When you operate a fitness facility, you think that your days are going to be filled with issues such as dirty locker rooms, broken equipment, trainers who quit without notice or member complaints about dues increases. It's unlikely that you would put praying members or transgender members on your list. However, after two recent incidents at fitness facilities received media attention, it's clear that health club operators must think about how they will deal with issues beyond fitness.
The most recent attention-grabbing incident occurred at a Planet Fitness in Midland, MI, where a woman reported to the front desk and to the corporate office that a man was using the women's locker room. It turns out that the man self-identified as a woman, so it was Planet Fitness' policy to allow him to use the women's locker room. In a video interview with the woman who complained, she says that the transgender member looked like a man, so she had no idea that he identified as a woman when she complained.
If someone who appeared to be a man walked into the women's locker room at your gym, I think most of the women in your locker room would be alarmed. I commend Planet Fitness for being sensitive to the transgender member, but someone also needs to be sensitive to non-transgender female members. Women have safety concerns that should not be ignored, and women feel especially vulnerable in a place where they undress and shower. Should women assume that anyone who appears to be a man who enters the women's locker room self-identifies as a woman and therefore is harmless? Or should they assume what most women will assume: that this man identifies as a man and may be in the women's locker room to do harm? Planet Fitness eventually revoked the complaining woman's membership because it said she complained inappropriately.
Most club operators likely have never thought about how transgender people, who some estimates put at 700,000 or 0.3 percent of the population, might be uncomfortable in locker rooms or how they might affect the dynamics within the private space of a locker room. Even though the number of transgender people is small, this incident makes it clear that we need to start thinking about it so that we can find a solution that is fair and comfortable for everyone involved.
If the transgender member had physically transitioned to a woman, then this likely would not have been an issue because no one would have known. So, is the answer to ask transgender people who have not physically transitioned to use a family locker room? Does that needlessly draw attention to the transgender member? Is the answer for clubs to slowly transition locker rooms from big open spaces divided by gender to individual changing rooms with showers and locked doors? Is the expense of a change like that too great? What other ways can fitness facility operators accommodate transgender members while not making non-transgender members wonder why someone who appears to be of the opposite sex is in the "wrong" locker room?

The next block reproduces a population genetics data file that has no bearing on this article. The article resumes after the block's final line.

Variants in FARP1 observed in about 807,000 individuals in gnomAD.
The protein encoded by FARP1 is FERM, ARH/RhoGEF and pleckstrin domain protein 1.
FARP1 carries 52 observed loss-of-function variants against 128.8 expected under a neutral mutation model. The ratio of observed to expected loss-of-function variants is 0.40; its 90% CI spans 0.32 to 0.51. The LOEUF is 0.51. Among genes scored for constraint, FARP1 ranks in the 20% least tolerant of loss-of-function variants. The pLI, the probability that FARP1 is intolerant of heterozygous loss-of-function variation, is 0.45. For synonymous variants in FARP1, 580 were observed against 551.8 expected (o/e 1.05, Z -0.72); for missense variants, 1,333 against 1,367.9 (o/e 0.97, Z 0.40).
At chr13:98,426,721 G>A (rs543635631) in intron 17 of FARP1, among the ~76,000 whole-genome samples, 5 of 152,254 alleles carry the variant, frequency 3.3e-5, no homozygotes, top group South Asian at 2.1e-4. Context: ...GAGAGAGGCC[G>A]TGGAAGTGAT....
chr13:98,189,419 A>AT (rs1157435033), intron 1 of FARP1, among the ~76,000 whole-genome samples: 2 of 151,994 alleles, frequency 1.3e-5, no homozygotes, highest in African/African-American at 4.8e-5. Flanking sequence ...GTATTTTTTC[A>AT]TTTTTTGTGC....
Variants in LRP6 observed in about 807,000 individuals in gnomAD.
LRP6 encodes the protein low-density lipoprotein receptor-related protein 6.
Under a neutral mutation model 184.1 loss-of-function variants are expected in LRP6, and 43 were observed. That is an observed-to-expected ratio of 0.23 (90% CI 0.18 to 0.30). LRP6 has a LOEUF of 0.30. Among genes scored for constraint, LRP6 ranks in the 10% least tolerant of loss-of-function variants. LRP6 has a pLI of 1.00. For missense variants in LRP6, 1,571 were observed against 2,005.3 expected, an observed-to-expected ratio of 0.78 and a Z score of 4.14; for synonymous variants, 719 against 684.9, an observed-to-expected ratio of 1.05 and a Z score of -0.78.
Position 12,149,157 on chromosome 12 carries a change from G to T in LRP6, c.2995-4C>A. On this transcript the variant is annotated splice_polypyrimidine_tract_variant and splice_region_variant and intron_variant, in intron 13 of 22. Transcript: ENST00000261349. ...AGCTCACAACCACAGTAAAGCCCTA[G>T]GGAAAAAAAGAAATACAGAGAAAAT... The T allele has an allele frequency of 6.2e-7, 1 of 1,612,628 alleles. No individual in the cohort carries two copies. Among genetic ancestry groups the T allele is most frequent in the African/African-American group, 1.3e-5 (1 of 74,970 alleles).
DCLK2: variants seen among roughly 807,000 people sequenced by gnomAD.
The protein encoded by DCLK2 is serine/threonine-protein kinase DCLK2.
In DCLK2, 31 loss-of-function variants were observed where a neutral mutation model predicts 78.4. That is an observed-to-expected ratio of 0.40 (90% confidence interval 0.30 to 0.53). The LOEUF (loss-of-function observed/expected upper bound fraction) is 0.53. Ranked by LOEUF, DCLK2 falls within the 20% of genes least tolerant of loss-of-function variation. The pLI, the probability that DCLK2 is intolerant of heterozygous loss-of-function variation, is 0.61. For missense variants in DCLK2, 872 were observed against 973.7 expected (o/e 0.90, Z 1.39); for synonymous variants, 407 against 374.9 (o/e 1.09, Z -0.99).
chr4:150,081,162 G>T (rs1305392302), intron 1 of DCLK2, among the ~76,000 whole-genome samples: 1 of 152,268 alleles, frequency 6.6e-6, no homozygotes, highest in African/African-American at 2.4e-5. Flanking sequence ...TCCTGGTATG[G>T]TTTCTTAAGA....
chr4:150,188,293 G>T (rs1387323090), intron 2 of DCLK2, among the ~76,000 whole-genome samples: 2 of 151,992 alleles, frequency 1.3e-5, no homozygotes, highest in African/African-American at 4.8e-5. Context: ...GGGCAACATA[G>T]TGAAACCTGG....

If you have a transgender member at your facility, share in the comments below how you have accommodated this member, particularly if he or she has not physically transitioned to the gender they self-identify.
The other incident that received media attention recently involved an American Muslim man who was praying in the men's locker room at an LA Fitness in Cincinnati, OH. The member, Mohammed Fall, filed a lawsuit last month in which he asserted that he was banned from praying in the men's locker room after doing so many times since joining the gym in 2013. He typically said his prayers while standing in a corner of the locker room with his eyes closed, the lawsuit states. He did not use a prayer mat or kneel as is typical during Muslim prayers.
"The LA Fitness workers, the suit said, told Fall to never again pray at LA Fitness, saying that decision had been made by a corporate manager who was at the gym that day. Fall believed if he continued to pray, he would be kicked out of the gym and subjected to 'harassment,' so he left."
However, Jaymes Thomas, an American Muslim who works at that LA Fitness location and says he prays at the facility, stated in a written declaration submitted to the court that he and two other employees spoke to Fall after receiving complaints from members that Fall was praying by the coat rack, which made it difficult to access coats without disturbing him. Thomas says the three waited until Fall was finished praying before telling him about the complaints and suggesting other places for him to pray in the facility, including places that Thomas prayed.
Regardless of which version of events is true, the fact is that the Muslim population is growing in our country, and praying five times per day is important in this faith, so the likelihood that you could face this issue is increasing. How will you accommodate these members? If you are in an area with a large Muslim population, you might already have options in place. If so, I encourage you to share what you are doing by commenting below.
What other unexpected issues have come up at your fitness facility, and how have you dealt with those?